To add an item to the bloom filter, we feed it to k different hash functions and set the bits to ‘1’ at the resulting positions. As you can see, in hash tables we would’ve used a single hash function and as a result get only a single index as output. But in the case of the bloom filter, we would use multiple hash functions, which would give us multiple indexes.
As you can see in the above example, for the given input ‘geeks’ our 3 hash functions will give 3 different output — 1, 4 and 7. We’ve marked them.
For another input ‘nerd’, the hash functions give us 3, 4 and 5. You might’ve noticed that the index ‘4’ is already marked by the previous ‘geeks’ input. Hold your thought, this point is interesting and we’re going to discuss it shortly.
We’ve already populated our bit vector with two inputs, now we can check for a value for its existence. How can we do that?
Easy. Just as we would’ve done it in a hash table. We would hash the ‘searched input’ with our 3 hash functions and see what are the resulting indexes hold.
So, searching for ‘cat’, our hash functions are giving us 1, 3 and 7 this time. And we can see that all of the indexes are already marked as 1. That means we can say, “maybe ‘cat’ is already inserted on our list”. But it didn’t. So, what’s went wrong?
Actually, nothing went wrong. The thing is, this is the case of a ‘false positive’. Bloom filter is telling us that it seems that maybe ‘cat’ was inserted before, because the indexes should’ve been marked by ‘cat’ are already marked (though by other different data).
So, if that’s the case, how it is helpful? Well, let’s consider if ‘cat’ would’ve given us the output of 1, 6, 7 instead of 1, 3, 7, what would happen then? We can see that among 3 indexes, 6 is ‘0’, that means it wasn’t marked by any of the previous inputs. That means obviously ‘cat’ never inserted before, if it was, there was no chance of 6 to be ‘0’, right? That’s how bloom filter can tell ‘certainly’ if a data is not on the list.
So, in a nutshell:
Does it start making sense? A little maybe?
Fine, now, back to the ‘password’ example we were talking earlier. If we implement our weak password checking with this type of bloom filter, you can see that initially, we would mark our bloom filter with our list of passwords, which will give us a bit vector with some indexes marked as ‘1’ and others left as 0. As the size of the bloom filter won’t be very large and will be a fixed size, it can easily be stored in the memory and also on the client side if necessary. That’s why bloom filter is very space-efficient. Where a hash table requires being of arbitrary size based on the input data, the bloom filters can work well with a fixed size.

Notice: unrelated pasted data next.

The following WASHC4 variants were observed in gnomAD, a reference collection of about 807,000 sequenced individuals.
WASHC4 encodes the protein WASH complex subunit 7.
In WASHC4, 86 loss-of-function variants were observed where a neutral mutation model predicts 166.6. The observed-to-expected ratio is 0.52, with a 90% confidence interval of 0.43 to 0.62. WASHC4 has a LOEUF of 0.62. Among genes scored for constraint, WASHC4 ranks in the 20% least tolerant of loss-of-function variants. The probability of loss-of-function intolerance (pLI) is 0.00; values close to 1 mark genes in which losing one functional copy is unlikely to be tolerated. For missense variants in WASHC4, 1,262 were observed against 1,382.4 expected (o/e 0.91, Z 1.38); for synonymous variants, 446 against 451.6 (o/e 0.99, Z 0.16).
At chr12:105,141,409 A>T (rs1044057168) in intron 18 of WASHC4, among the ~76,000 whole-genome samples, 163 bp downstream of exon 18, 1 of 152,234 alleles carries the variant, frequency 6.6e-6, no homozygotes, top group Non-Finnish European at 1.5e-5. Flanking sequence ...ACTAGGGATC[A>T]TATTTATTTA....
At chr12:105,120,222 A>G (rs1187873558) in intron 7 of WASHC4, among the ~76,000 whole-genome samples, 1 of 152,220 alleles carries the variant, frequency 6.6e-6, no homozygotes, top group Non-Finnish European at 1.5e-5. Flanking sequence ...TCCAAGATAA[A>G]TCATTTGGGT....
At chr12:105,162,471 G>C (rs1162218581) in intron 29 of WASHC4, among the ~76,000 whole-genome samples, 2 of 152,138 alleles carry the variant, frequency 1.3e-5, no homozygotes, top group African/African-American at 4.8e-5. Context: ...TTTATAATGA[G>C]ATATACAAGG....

So, every time a user enters their password, we will feed it to our hash functions and check it against our bit vector. If the password is strong enough, the bloom filter will show us that the password is certainly not in the ‘weak password list’ and we don’t have to do any more query. But if the password seems weak and gives us a ‘positive’ (might be false positive) result we will then send it to our server and check our actual list to confirm.
As you can see, most of the time we don’t even need to make a request to our server or read from disk to check the list, this will be a significant improvement in speed of the application. In case, if we don’t want to store the bit-vector at the client side, we can still load it in the server memory and that will at least saves some disk lookup time. Also consider that, if your bloom filters false positive rate is 1%(we will talk about the error rate in details later), that means among the costly round-trips to the server or the disk, only 1% of the query will be returned with false result, other 99% won’t go in vain.
Not bad, huh?
The basic bloom filter supports two operations: test and add.
Test is used to check whether a given element is in the set or not.
Add simply adds an element to the set.
Now a little quiz for you.
Based on what we’ve discussed so far, is it possible to Remove an item from the bloom filter? If yes, then how?